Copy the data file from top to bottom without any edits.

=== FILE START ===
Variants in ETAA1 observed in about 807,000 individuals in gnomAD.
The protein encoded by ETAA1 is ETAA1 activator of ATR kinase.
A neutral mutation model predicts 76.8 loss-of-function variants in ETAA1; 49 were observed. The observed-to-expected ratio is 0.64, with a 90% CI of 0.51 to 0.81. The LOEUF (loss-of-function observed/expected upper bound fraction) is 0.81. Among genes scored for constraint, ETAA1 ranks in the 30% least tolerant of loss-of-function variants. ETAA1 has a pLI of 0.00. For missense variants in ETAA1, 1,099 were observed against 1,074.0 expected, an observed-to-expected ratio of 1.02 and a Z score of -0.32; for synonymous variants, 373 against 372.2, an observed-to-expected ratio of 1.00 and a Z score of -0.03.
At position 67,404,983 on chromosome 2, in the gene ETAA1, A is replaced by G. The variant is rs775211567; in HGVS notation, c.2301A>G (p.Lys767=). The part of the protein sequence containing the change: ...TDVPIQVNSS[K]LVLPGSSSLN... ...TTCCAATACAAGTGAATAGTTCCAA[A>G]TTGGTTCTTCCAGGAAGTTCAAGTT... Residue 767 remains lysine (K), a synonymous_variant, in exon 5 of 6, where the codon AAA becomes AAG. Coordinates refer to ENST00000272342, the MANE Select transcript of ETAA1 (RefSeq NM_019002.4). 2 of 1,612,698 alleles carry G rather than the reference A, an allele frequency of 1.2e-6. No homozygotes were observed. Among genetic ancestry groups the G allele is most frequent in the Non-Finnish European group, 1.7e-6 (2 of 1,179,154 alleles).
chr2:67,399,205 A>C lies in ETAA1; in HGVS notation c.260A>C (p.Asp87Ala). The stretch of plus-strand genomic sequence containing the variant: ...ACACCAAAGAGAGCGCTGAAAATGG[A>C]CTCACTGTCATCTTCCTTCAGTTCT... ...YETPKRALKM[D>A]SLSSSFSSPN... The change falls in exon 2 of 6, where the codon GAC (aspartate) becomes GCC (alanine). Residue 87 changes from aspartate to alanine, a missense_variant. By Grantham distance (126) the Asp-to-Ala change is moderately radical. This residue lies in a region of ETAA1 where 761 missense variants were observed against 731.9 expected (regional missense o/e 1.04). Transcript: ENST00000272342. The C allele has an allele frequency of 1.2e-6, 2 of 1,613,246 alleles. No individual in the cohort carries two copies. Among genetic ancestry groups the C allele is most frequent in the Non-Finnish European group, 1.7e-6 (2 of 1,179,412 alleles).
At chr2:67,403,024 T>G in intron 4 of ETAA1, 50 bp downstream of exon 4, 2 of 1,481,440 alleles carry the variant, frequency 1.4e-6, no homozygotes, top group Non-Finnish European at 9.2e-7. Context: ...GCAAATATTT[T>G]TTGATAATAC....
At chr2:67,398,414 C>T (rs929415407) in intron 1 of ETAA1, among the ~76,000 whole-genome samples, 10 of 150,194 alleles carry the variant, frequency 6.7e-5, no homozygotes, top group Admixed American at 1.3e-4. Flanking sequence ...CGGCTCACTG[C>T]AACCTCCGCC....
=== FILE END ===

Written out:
Variants in ETAA1 observed in about 807,000 individuals in gnomAD.
The protein encoded by ETAA1 is ETAA1 activator of ATR kinase.
A neutral mutation model predicts 76.8 loss-of-function variants in ETAA1; 49 were observed. The observed-to-expected ratio is 0.64, with a 90% CI of 0.51 to 0.81. The LOEUF (loss-of-function observed/expected upper bound fraction) is 0.81. Among genes scored for constraint, ETAA1 ranks in the 30% least tolerant of loss-of-function variants. ETAA1 has a pLI of 0.00. For missense variants in ETAA1, 1,099 were observed against 1,074.0 expected, an observed-to-expected ratio of 1.02 and a Z score of -0.32; for synonymous variants, 373 against 372.2, an observed-to-expected ratio of 1.00 and a Z score of -0.03.
At position 67,404,983 on chromosome 2, in the gene ETAA1, A is replaced by G. The variant is rs775211567; in HGVS notation, c.2301A>G (p.Lys767=). The part of the protein sequence containing the change: ...TDVPIQVNSS[K]LVLPGSSSLN... ...TTCCAATACAAGTGAATAGTTCCAA[A>G]TTGGTTCTTCCAGGAAGTTCAAGTT... Residue 767 remains lysine (K), a synonymous_variant, in exon 5 of 6, where the codon AAA becomes AAG. Coordinates refer to ENST00000272342, the MANE Select transcript of ETAA1 (RefSeq NM_019002.4). 2 of 1,612,698 alleles carry G rather than the reference A, an allele frequency of 1.2e-6. No homozygotes were observed. Among genetic ancestry groups the G allele is most frequent in the Non-Finnish European group, 1.7e-6 (2 of 1,179,154 alleles).
chr2:67,399,205 A>C lies in ETAA1; in HGVS notation c.260A>C (p.Asp87Ala). The stretch of plus-strand genomic sequence containing the variant: ...ACACCAAAGAGAGCGCTGAAAATGG[A>C]CTCACTGTCATCTTCCTTCAGTTCT... ...YETPKRALKM[D>A]SLSSSFSSPN... The change falls in exon 2 of 6, where the codon GAC (aspartate) becomes GCC (alanine). Residue 87 changes from aspartate to alanine, a missense_variant. By Grantham distance (126) the Asp-to-Ala change is moderately radical. This residue lies in a region of ETAA1 where 761 missense variants were observed against 731.9 expected (regional missense o/e 1.04). Transcript: ENST00000272342. The C allele has an allele frequency of 1.2e-6, 2 of 1,613,246 alleles. No individual in the cohort carries two copies. Among genetic ancestry groups the C allele is most frequent in the Non-Finnish European group, 1.7e-6 (2 of 1,179,412 alleles).
At chr2:67,403,024 T>G in intron 4 of ETAA1, 50 bp downstream of exon 4, 2 of 1,481,440 alleles carry the variant, frequency 1.4e-6, no homozygotes, top group Non-Finnish European at 9.2e-7. Context: ...GCAAATATTT[T>G]TTGATAATAC....
At chr2:67,398,414 C>T (rs929415407) in intron 1 of ETAA1, among the ~76,000 whole-genome samples, 10 of 150,194 alleles carry the variant, frequency 6.7e-5, no homozygotes, top group Admixed American at 1.3e-4. Flanking sequence ...CGGCTCACTG[C>T]AACCTCCGCC....